Maryke argues that the backward-bending labour supply curve shows that as wage increase beyond a certain level, people tend to substitute leisure for paid work time and so higher wages lead to an increase in the labour supply up to some point. He further posits that labour-leisure tradeoff is the tradeoff faced by wage-earning human beings between the amounts of time spent engaged in wagepaying work and satisfaction-generating unpaid time, which allows participation in leisure activities. The key to the tradeoff is a comparison between the wage received from each hour of working and the amount of satisfaction generated by the use of unpaid time. Such a comparison generally means that a higher wage entices people to spend more time working for pay. However, the backward-bending labour supply curve occurs when an even higher wage actually entices people to work less and consume more leisure or unpaid time.

Factors that determines labour and leisure choices

The choice between work and leisure can be affected by a number of factors, including:

The substitution effect and income effect: It is worthwhile to note that when wage rate falls, two effects will result. Maryke propounds that, as wages increase, so does the opportunity cost of leisure. He further states that, as leisure becomes more costly, workers tend to substitute more work hours for fewer leisure hours in order to consume the relatively cheaper consumption goods, which is the substitution effect of a higher wage. However, an income effect is also associated with a higher wage. A higher wage leads to higher real incomes, provided that prices of consumption goods remain constant [6]. As real incomes rise, individuals will demand more leisure, which is considered a normal good. In other words, the higher an individual's income, the easier it is for that individual to take more time off from work and still maintain a high standard of living in terms of consumption goods. Fuess states that the substitution effect of higher wages tends to dominate the income effect at low wage levels, while the income effect of higher wages tends to dominate the substitution effect at high wage levels. The dominance of the income effect over the substitution effect at high wage levels is what accounts for the backward‐bending shape of the individual's labor supply curve. Therefore, with the substitution effect, leisure is less expensive and the, so consume more leisure and work less. The opposite is true for income effect.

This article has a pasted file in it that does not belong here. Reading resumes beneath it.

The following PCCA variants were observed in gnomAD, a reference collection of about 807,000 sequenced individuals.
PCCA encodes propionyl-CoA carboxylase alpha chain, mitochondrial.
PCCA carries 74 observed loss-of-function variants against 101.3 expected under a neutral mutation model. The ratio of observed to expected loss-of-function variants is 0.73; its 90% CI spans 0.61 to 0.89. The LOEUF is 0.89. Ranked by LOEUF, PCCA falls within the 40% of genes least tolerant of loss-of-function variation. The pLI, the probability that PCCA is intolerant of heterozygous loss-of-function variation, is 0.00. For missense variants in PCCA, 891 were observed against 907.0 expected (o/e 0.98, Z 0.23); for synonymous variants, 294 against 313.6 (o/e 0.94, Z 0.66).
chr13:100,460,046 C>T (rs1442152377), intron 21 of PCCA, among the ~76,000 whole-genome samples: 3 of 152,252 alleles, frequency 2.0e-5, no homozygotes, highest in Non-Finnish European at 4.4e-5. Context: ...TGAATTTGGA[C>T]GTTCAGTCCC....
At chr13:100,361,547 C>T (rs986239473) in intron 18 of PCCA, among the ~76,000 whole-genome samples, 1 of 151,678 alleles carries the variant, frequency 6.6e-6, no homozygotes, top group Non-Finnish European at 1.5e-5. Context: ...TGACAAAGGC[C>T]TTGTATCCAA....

Changes in preferences: A change in attitudes toward work and leisure can shift the supply curve for labour. If people value leisure more highly, they work fewer hours at each wage, and the supply curve for labor will shift to the left. If they decide they want more goods and services, the supply curve is likely to shift to the right. Davis and Henrekson suggest that different workers will typically view this tradeoff differently. In other words, some persons may like to devote a great deal of time and effort to their jobs, whereas other persons would prefer to devote most of their time to leisure. Garcio-Perez posits that the tradeoff between consumption and leisure is shown with the help of a utility function proper to each individual. These interpersonal differences in preferences imply that the indifference curves may look quite different for different workers. Interpersonal differences in the tastes for work are obviously important determinants of differences in labor supply in the population. Workers who like leisure a lot will tend to work few hours. And workers who do not attach a high value to their leisure time will tend to be workaholics. Similarly, Fuess states that, an increase in the net advantages of work will shift the supply curve to the right.